One of the best books in medicine I have read. A splendid, savage story about the failings of modern device regulation that reads like a mystery, not a work of medical non-fiction: It turns out to be both.
— VINAY PRASAD, Assistant Professor of Medicine, Oregon Health and Science University, and author of Ending Medical Reversal

Americans live shorter, sicker lives than citizens of peer nations, at far greater expense.

In The Danger within Us, award-winning journalist Jeanne Lenzer explores how we got to this point, taking as her lens the wildly profitable, powerful, and unaccountable medical device industry. Vividly illustrating the costs and consequences of this industry in the lives of ordinary Americans, Lenzer tells the story of one working class man who ends up in a David and Goliath fight for justice after a medical device in his body nearly kills him. His crusade leads to shocking revelations: Corporate greed, shameless profiteering, corrupt doctors and regulators, and a terrifying lack of oversight, all of which is leading to dangerous devices going to market and into our bodies.

Did you know...

  • Medical interventions have become the third leading cause of death in America, killing more Americans each year than diabetes, murders, car accidents and AIDS combined.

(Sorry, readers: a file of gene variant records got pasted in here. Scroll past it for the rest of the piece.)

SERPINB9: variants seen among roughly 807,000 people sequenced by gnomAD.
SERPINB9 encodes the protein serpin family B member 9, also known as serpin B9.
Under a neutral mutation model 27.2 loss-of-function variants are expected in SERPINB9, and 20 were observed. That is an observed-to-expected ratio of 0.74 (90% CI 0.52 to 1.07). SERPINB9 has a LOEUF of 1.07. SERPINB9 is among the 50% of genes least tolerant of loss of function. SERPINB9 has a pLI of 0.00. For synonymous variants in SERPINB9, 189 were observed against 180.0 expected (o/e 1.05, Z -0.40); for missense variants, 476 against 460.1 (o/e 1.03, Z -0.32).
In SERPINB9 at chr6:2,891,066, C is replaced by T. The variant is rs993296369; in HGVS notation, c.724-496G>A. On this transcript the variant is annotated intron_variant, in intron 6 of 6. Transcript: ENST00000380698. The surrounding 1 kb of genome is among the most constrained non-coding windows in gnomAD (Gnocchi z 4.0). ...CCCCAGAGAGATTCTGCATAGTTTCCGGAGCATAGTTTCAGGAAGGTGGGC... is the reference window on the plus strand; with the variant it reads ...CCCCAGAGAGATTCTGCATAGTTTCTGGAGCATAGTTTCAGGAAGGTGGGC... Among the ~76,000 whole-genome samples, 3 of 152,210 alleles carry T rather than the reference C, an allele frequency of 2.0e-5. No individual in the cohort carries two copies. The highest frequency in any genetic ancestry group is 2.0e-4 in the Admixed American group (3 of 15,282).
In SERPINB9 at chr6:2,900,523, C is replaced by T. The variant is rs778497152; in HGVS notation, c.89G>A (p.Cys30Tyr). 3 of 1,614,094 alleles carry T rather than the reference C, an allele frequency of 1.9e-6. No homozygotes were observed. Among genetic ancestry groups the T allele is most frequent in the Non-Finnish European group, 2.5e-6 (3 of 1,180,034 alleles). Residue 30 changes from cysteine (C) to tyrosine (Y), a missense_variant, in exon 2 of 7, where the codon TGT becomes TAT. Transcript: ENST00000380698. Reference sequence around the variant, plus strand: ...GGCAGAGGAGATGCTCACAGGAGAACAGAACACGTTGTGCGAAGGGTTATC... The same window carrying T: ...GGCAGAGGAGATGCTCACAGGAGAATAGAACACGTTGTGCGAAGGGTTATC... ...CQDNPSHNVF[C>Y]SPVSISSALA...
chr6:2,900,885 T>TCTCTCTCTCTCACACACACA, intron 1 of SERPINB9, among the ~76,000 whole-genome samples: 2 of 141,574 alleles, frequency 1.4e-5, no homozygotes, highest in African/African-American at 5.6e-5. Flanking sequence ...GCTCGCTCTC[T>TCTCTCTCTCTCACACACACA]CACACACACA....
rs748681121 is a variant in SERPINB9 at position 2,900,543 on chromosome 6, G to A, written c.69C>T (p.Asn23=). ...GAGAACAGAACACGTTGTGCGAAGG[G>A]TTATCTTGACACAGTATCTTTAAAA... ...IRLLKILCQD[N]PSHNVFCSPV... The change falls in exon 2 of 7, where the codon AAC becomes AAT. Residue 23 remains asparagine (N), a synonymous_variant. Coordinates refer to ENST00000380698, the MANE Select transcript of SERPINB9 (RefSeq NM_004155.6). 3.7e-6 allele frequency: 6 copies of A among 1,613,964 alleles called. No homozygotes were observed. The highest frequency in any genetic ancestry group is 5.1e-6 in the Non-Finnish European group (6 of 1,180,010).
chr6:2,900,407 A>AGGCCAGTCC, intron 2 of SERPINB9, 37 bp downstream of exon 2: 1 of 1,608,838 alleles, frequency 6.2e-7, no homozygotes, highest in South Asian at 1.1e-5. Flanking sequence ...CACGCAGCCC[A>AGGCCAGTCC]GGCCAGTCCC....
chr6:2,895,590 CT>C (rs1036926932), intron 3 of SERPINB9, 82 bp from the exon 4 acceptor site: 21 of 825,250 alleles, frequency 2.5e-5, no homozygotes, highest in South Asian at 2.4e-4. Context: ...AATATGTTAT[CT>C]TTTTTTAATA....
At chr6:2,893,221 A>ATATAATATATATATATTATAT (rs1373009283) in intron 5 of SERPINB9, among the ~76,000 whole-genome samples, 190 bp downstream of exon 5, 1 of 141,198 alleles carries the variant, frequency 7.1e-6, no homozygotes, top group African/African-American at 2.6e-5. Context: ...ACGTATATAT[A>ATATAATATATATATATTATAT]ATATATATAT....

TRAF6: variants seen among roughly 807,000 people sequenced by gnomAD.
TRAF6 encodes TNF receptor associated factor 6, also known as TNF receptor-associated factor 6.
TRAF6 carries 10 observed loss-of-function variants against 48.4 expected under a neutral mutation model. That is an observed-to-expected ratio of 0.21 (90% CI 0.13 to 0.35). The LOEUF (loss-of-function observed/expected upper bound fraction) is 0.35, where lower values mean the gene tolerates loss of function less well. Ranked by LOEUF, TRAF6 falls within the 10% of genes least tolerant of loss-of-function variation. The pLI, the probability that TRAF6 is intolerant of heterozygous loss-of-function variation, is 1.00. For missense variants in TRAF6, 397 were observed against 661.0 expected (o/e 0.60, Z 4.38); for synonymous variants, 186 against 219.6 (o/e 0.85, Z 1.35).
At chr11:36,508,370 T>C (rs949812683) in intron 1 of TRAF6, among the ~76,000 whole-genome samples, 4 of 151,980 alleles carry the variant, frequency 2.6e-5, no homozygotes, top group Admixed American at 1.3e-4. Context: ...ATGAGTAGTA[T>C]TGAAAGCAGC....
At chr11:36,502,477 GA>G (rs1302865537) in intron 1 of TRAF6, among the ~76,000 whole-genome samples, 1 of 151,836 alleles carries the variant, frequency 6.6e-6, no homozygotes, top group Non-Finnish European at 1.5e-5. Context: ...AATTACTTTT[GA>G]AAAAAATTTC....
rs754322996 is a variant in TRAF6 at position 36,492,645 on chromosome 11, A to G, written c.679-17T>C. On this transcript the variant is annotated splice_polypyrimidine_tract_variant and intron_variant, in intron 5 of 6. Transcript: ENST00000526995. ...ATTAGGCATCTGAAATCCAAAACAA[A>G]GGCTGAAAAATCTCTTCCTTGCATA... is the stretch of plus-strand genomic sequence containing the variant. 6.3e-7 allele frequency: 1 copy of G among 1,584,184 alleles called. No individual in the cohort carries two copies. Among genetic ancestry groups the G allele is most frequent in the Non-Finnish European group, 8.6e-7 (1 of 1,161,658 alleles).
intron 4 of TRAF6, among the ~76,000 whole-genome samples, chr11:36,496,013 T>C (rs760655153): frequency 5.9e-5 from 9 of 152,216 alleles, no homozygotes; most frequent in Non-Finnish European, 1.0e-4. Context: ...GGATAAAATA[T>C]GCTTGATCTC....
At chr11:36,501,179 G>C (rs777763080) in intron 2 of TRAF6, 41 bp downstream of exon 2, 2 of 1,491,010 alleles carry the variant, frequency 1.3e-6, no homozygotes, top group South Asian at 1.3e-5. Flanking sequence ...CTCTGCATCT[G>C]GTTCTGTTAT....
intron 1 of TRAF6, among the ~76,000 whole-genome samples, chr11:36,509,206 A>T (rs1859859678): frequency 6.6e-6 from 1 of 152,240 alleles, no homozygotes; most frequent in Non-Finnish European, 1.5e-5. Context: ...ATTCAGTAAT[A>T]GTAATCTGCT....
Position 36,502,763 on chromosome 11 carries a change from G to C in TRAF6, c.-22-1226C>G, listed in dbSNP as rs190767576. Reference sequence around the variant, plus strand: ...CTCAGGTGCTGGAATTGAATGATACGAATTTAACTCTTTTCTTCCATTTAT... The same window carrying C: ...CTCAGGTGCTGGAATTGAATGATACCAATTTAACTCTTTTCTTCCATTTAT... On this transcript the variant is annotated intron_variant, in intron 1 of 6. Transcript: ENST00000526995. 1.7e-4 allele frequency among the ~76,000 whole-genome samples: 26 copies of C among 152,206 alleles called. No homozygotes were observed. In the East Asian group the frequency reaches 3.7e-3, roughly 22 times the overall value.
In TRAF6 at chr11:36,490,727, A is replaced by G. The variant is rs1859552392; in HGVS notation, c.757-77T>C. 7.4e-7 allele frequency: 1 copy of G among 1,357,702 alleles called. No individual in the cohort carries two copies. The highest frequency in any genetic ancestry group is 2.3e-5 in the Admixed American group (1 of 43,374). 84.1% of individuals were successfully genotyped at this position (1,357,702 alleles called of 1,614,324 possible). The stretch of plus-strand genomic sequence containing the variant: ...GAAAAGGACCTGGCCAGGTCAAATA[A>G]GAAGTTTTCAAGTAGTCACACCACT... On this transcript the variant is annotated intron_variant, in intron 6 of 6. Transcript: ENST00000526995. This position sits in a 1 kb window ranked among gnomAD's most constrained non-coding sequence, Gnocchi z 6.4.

• You might think medical devices—like pacemakers, artificial hips, cardiac stents, etc.—don’t have side effects like drugs do. Nothing could be further from the truth.
  • The FDA does not require clinical testing for most high-risk implanted devices, and only 5% of the highest risk cardiac devices undergo the equivalent of the standard requirement for drug testing: two randomized, blinded clinical trials. Patients serve as unwitting test subjects to determine whether devices are safe.
  • Tens of millions of Americans have an implanted medical device, and yet the death rate caused by these devices is unknown, because no one is keeping track. Not the FDA. Not the manufacturers. Not hospitals. Not doctors.
  • The FDA habitually defends the interests of industry over the public interest, in part due to the “revolving door” between the businesses being regulated and the FDA.
  • The average annual compensation package for CEOs of the 18 publicly traded medical device companies in the U.S. was $15.4 million in 2015.

cardiac pacemakers and stents • artificial hips, knees, shoulders, etc. • cochlear implants • vagus nerve stimulators • deep brain stimulators • breast implants • surgical mesh • skull plates • intrauterine devices